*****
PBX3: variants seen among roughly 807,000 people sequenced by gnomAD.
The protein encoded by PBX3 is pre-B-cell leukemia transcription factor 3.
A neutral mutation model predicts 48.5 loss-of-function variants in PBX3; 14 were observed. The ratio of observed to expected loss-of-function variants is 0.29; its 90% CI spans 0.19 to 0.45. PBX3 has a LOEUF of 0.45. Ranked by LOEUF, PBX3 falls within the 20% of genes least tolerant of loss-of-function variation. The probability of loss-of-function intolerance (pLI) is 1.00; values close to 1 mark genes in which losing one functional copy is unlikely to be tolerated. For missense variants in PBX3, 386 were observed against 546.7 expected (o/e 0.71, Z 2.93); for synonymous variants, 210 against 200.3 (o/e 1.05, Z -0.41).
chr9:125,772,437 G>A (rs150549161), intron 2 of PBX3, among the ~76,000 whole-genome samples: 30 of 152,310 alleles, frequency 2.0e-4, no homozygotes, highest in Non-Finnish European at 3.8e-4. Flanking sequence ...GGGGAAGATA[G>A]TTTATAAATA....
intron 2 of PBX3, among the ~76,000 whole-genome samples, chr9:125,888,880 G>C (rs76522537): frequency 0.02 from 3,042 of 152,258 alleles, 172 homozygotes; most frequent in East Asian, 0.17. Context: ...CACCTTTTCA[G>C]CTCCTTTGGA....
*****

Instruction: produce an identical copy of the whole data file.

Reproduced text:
PBX3: variants seen among roughly 807,000 people sequenced by gnomAD.
The protein encoded by PBX3 is pre-B-cell leukemia transcription factor 3.
A neutral mutation model predicts 48.5 loss-of-function variants in PBX3; 14 were observed. The ratio of observed to expected loss-of-function variants is 0.29; its 90% CI spans 0.19 to 0.45. PBX3 has a LOEUF of 0.45. Ranked by LOEUF, PBX3 falls within the 20% of genes least tolerant of loss-of-function variation. The probability of loss-of-function intolerance (pLI) is 1.00; values close to 1 mark genes in which losing one functional copy is unlikely to be tolerated. For missense variants in PBX3, 386 were observed against 546.7 expected (o/e 0.71, Z 2.93); for synonymous variants, 210 against 200.3 (o/e 1.05, Z -0.41).
chr9:125,772,437 G>A (rs150549161), intron 2 of PBX3, among the ~76,000 whole-genome samples: 30 of 152,310 alleles, frequency 2.0e-4, no homozygotes, highest in Non-Finnish European at 3.8e-4. Flanking sequence ...GGGGAAGATA[G>A]TTTATAAATA....
intron 2 of PBX3, among the ~76,000 whole-genome samples, chr9:125,888,880 G>C (rs76522537): frequency 0.02 from 3,042 of 152,258 alleles, 172 homozygotes; most frequent in East Asian, 0.17. Context: ...CACCTTTTCA[G>C]CTCCTTTGGA....